“Hong Kong should be able to continue to enjoy the freedom of speech, freedom of press, of publications, protest, assembly and so on,” Chief Executive Carrie Lam told reporters after it took effect, adding international agreements on civil rights allowed restrictions to ensure national security. “Where it is for the protection of national security, then sometimes some of these rights could be restrained in accordance with the law.”
The Hong Kong Bar Association said this week it was “gravely concerned” about the law and its broadly defined criminal offenses.
“These are widely drawn and absent a clear and comprehensive array of publicly accessible guidelines and basic safeguards as to legal certainty and fair treatment, are capable of being applied in a manner that is arbitrary, and that disproportionately interferes with fundamental rights,” the group said in a statement. “Lawyers, judges, police and Hong Kong residents were given no opportunity to familiarize themselves with the contents of the new law, including the serious criminal offenses it creates before it came into force.”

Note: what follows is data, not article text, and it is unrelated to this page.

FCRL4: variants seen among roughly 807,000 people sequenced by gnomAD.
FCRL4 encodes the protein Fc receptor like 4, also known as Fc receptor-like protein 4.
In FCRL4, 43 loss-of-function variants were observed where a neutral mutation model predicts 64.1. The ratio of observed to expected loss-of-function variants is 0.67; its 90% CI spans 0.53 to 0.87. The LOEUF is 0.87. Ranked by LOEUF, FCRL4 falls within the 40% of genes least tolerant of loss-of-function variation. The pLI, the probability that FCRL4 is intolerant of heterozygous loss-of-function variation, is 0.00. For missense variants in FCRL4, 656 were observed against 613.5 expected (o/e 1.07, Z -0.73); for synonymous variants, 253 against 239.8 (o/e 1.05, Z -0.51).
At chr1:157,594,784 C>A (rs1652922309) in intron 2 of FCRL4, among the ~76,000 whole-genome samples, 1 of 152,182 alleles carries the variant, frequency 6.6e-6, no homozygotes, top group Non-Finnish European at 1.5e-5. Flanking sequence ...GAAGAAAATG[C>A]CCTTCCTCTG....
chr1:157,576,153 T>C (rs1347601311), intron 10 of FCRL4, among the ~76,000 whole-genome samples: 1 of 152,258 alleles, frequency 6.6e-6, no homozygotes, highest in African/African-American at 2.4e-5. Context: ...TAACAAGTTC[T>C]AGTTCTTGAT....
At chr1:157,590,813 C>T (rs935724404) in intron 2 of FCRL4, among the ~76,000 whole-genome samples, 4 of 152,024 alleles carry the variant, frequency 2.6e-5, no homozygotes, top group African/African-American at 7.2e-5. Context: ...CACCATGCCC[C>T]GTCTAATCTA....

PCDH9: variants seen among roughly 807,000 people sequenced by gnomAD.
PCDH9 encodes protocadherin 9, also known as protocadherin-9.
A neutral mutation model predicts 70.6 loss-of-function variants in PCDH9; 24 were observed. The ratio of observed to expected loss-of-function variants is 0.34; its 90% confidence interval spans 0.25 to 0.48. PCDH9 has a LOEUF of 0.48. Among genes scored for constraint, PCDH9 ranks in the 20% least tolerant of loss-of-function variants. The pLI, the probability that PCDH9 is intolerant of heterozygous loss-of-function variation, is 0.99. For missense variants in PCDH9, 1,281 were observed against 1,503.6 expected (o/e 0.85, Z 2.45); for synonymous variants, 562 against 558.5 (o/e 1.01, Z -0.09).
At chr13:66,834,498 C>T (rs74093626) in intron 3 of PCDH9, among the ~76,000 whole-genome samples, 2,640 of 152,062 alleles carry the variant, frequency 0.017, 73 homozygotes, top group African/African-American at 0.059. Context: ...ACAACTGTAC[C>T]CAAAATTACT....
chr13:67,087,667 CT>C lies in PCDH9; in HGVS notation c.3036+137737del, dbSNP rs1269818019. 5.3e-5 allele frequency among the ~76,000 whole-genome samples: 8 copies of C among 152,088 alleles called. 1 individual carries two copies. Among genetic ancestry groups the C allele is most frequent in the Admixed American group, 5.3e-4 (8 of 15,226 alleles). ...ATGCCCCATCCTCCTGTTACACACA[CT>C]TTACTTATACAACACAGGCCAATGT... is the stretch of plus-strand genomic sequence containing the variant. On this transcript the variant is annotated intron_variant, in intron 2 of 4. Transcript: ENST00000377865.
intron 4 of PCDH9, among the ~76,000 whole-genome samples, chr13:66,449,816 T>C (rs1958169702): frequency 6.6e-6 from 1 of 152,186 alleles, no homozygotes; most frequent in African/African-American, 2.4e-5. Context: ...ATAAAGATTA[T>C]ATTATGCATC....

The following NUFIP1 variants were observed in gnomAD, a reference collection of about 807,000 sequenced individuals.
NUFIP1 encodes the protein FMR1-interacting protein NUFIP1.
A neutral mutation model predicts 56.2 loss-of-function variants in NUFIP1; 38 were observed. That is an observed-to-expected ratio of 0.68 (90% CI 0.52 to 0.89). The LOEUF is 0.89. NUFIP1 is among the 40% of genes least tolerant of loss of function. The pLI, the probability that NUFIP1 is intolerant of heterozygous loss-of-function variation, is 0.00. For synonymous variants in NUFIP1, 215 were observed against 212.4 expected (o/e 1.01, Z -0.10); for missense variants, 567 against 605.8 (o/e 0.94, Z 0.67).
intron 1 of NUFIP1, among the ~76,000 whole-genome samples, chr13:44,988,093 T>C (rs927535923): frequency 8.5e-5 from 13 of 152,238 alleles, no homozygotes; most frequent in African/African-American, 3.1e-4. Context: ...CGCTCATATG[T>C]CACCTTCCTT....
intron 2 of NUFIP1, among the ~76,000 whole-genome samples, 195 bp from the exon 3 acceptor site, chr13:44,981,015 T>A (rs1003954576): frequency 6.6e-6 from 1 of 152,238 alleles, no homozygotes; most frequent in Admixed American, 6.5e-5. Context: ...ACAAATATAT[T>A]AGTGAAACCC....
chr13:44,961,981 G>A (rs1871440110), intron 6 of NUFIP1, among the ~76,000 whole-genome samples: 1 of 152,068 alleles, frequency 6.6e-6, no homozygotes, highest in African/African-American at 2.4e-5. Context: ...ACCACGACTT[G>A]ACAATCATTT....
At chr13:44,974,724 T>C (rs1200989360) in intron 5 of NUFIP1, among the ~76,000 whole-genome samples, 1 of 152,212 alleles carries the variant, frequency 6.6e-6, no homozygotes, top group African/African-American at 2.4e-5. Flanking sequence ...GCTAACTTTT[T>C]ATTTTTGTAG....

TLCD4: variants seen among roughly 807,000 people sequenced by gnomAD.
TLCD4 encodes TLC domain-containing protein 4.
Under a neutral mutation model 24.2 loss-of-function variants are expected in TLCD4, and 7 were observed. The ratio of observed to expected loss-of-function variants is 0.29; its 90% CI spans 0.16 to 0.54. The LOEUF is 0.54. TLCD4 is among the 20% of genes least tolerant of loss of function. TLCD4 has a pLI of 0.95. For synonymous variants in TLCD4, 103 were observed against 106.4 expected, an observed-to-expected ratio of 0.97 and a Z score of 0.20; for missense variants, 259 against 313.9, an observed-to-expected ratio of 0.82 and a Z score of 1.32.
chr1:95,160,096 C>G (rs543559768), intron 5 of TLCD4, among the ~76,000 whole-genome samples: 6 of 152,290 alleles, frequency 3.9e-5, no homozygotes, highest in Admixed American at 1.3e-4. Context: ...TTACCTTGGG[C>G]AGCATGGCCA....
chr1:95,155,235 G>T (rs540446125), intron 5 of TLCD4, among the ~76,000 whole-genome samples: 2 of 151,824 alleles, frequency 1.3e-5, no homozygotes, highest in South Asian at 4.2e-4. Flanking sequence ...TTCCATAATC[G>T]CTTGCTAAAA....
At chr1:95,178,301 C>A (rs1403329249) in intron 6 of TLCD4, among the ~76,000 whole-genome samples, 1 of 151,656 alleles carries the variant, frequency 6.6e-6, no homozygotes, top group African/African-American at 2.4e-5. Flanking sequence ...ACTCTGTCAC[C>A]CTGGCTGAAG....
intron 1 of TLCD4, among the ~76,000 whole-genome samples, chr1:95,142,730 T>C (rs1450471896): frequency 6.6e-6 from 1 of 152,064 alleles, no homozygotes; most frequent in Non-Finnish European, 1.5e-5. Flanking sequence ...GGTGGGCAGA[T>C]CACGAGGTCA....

China’s nine dashed line in the South China Sea, border clashes with India, overriding of the Hong Kong handover agreement and increasingly strident statements towards reuniting with Taiwan, all points towards an expansionist foreign policy.
One way of looking at this trend is to think of it as a natural result of China’s growth and increasingly large global economic footprint. Another is that it is the first step of an expansionist national socialist regime equivalent to annexation of the Sudetenland.
In order to smooth over the trampling of individual freedoms in Hong Kong, China is pouring money into the financial system. The mainland and Hong Kong stock markets both rallied impressively to new recovery highs over the last couple of days.